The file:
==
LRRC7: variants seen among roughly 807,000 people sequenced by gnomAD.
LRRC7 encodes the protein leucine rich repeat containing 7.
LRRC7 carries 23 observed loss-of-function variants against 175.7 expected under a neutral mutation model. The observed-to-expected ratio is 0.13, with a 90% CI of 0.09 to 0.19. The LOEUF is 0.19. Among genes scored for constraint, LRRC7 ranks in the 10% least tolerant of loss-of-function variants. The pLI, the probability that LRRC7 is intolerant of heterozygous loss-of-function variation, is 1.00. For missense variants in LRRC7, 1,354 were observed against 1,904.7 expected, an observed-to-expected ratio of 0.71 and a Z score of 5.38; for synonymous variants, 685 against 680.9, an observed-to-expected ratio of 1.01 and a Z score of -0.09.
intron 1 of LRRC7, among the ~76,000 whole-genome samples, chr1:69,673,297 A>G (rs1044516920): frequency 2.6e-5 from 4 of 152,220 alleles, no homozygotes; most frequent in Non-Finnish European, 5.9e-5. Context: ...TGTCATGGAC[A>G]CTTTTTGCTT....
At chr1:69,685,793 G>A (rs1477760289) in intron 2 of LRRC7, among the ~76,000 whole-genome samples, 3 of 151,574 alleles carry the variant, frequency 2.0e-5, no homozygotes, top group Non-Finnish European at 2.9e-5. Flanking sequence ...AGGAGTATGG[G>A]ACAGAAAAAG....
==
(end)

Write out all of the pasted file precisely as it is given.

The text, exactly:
LRRC7: variants seen among roughly 807,000 people sequenced by gnomAD.
LRRC7 encodes the protein leucine rich repeat containing 7.
LRRC7 carries 23 observed loss-of-function variants against 175.7 expected under a neutral mutation model. The observed-to-expected ratio is 0.13, with a 90% CI of 0.09 to 0.19. The LOEUF is 0.19. Among genes scored for constraint, LRRC7 ranks in the 10% least tolerant of loss-of-function variants. The pLI, the probability that LRRC7 is intolerant of heterozygous loss-of-function variation, is 1.00. For missense variants in LRRC7, 1,354 were observed against 1,904.7 expected, an observed-to-expected ratio of 0.71 and a Z score of 5.38; for synonymous variants, 685 against 680.9, an observed-to-expected ratio of 1.01 and a Z score of -0.09.
intron 1 of LRRC7, among the ~76,000 whole-genome samples, chr1:69,673,297 A>G (rs1044516920): frequency 2.6e-5 from 4 of 152,220 alleles, no homozygotes; most frequent in Non-Finnish European, 5.9e-5. Context: ...TGTCATGGAC[A>G]CTTTTTGCTT....
At chr1:69,685,793 G>A (rs1477760289) in intron 2 of LRRC7, among the ~76,000 whole-genome samples, 3 of 151,574 alleles carry the variant, frequency 2.0e-5, no homozygotes, top group Non-Finnish European at 2.9e-5. Flanking sequence ...AGGAGTATGG[G>A]ACAGAAAAAG....